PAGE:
A good shape for the sintered body may be a cylindrical shape, whereby the waste gases pass through the cylinder from the outside to the inside or form the inside to the outside when used as a filter tube.
In a further constructive example of the invention, the sintered body has several closed filter tubes, or modules each closed on one side and arranged next to one another and/or behind one another, through which the waste gases pass from the outside to the inside or from the inside to the outside. This example has the advantage of more facile interchangeability of the individual modules, should they become damaged, blocked, or the like.
Examples of the invention are described in principle in more detail below, on the basis of the drawing.
FIG. 1 is a sectional top view of a sintered body according to the invention for use as a waste gas filter;
FIG. 2 is a sectional view across line II--II from FIG. 1;
FIG. 3 is a side section of two individual compression molded parts;
FIG. 4 is a cross-sectional view of a sintered body as a filter element in a different embodiment;
FIG. 5 is a schematic showing several filters arranged one behind the other;
FIG. 6 is a top view of the filter element of FIG. 4;
FIG. 7 is a sintered body according to the subject invention used as a mixing body; and
FIG. 8 is a sintered body according to the subject invention used as a heat exchanger.
The sintered body used as a waste gas filter as per the example and shown in FIGS. 1-3 has a sheet steel housing 1 as a container for the sintered body 2, which comprises several plates 3 as compression molded parts. The compression molded parts 3 are sintered. Each compression molded part 3 or each plate has several channels molded into a lateral wall, which can be used as intake channels 4 or outlet channels 5, depending on the arrangement. The channels run parallel to the side edges of the plates and their depth is roughly half the plate width. The individual channels are separated from one another by walls 6, which are roughly the same width as the channels. As clearly seen in FIGS. 1 and 2, each inlet channel 4 is in alignment with a plurality of outlet channels 5, and each outlet channel 5 is in alignment with a plurality of inlet channels 4.
As can be seen from FIG. 2 and the single drawing in FIG. 3, the channels 5 or 6 are open on one face 7, and closed on the opposite face 8 by a cross strut 9. Throughput through the waste gas filter according to the invention is in the direction indicated by the arrows in FIG. 2. As can also be seen (FIG. 2), the open sides of the channels 4 or 5 are covered by the lateral wall 10 or the back wall opposite the lateral wall containing channels 4 or 5 by adjacent plates 3. This results in a closed channel system, in which the ends facing away from the intake side are closed off by a cross strut 9. As can be seen from the arrows in FIG. 2, the waste gases flow through the intake openings 7 into the intake channels 4 and thereby permeate the porous filter walls 11 of the plate 3, as the lower end of each intake channel 4 is closed off by a cross strut 9. The chemical reaction of the soot, i.e., its conversion into ash takes place in the filter walls 11. From the filter walls 11, the cleaned waste gases go to the outlet channels 5 and from there to the outlet openings 12. On the intake side, the outlet channels 5 are also closed off by cross struts 9. The number and shape of plates 3 can be varied as required. The same applies to the number of channels 4 and 5, and the length of the plates 3.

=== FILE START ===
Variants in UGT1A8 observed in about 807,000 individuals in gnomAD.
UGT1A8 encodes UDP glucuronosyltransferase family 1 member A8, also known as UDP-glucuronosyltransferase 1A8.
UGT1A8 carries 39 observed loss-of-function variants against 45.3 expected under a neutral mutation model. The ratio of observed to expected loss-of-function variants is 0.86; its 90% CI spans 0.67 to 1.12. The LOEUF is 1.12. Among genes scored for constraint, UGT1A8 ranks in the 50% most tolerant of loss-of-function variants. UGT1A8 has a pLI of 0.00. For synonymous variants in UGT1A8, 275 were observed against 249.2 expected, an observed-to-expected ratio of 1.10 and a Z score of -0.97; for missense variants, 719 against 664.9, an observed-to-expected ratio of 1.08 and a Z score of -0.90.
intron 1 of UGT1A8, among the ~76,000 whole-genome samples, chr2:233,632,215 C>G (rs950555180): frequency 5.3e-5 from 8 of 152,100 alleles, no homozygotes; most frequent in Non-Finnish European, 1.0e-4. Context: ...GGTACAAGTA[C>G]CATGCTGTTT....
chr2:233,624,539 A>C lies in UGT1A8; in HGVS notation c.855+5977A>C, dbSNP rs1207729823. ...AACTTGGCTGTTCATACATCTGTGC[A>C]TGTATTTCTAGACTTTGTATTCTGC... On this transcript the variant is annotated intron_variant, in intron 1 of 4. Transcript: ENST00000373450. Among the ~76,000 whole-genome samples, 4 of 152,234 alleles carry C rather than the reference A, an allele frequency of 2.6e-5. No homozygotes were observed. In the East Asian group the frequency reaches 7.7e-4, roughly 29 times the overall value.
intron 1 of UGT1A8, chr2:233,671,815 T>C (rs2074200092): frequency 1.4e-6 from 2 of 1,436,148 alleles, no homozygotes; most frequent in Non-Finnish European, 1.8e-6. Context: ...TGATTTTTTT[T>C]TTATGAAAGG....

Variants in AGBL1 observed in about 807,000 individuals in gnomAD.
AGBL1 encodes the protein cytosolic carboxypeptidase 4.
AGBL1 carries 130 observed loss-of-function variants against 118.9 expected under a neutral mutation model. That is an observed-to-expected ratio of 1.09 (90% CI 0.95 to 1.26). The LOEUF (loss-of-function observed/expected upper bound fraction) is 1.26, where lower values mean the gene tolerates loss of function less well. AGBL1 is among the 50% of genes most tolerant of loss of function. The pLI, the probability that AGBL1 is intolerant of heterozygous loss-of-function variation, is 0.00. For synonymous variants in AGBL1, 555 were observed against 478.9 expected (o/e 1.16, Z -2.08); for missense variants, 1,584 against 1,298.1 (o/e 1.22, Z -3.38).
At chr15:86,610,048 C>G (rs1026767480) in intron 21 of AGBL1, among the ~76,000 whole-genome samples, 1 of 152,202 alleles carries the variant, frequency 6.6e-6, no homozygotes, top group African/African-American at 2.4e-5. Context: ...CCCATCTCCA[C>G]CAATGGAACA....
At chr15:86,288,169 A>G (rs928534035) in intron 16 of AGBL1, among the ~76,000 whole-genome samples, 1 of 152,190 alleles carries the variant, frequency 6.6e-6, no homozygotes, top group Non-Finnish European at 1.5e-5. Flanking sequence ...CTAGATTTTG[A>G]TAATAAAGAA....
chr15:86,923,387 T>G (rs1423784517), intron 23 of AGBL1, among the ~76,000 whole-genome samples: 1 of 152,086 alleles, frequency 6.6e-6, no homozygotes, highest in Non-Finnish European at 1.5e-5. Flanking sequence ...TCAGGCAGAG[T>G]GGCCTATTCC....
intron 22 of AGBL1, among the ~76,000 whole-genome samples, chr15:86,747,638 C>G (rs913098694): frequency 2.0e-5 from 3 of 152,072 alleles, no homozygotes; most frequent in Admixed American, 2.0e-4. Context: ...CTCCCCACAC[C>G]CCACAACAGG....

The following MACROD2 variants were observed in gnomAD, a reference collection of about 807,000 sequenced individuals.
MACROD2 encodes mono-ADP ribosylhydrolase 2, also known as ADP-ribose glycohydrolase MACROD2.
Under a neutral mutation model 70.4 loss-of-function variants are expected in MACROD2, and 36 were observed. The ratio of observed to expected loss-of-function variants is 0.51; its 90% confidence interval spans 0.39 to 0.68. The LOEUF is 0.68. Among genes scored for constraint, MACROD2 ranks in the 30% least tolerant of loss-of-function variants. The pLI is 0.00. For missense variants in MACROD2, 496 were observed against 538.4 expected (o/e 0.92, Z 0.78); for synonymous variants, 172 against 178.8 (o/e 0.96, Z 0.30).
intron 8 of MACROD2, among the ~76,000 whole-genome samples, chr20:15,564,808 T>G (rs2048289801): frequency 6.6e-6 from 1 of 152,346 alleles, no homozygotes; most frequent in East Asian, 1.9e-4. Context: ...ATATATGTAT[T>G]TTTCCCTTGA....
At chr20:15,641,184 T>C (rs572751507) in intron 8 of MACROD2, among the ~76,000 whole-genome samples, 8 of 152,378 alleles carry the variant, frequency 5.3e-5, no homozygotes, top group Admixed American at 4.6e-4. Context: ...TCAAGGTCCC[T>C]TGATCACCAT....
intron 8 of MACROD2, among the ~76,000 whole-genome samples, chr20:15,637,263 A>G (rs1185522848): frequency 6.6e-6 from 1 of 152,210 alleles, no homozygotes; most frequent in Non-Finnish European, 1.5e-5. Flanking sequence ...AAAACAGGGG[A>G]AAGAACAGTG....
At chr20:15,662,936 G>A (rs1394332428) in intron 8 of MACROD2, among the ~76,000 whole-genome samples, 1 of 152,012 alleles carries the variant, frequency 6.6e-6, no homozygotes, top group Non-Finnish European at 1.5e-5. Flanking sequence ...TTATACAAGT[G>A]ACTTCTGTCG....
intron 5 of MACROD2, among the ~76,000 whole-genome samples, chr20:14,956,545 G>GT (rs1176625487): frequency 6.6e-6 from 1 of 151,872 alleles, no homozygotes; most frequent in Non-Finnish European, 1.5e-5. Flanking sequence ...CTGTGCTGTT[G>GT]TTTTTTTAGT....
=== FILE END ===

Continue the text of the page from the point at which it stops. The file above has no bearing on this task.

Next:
As can also be seen in FIG. 2 and especially also in FIG. 3, all the plates or compression molded parts 3 are the same, being in modular form, the arrangement of the individual plates determines the shape and existence of the inlet channels 4 and the outlet channels 5.
In FIG. 2, the dividing lines at which the compression molded parts are joined together during sintering are shown as dotted lines. In FIG. 3, two compression molded parts are shown before sintering.
As can be seen from the figures, adjacent plates are all arranged at 180 degrees to each other, or "head to toe." The rear side 10 of one compression molded part 3 is placed against the front end of the adjacent cross strut 9 or the wall 6.
Production of the waste gas filter according to the invention is by compression molding of the plates. The required number are then positioned next to each other in the required manner and they are sintered together. This results in a monolithic sintered body 2. Subsequently or, at the same time, the sheet steel housing 1 can be sintered onto the outer plates 3 to give a suitably stable and sealed connection. If necessary, all that this requires is that sintering powder with a low melting point be put between contacting elements in order to produce a bond between the compression molded parts and the sheet steel housing 1.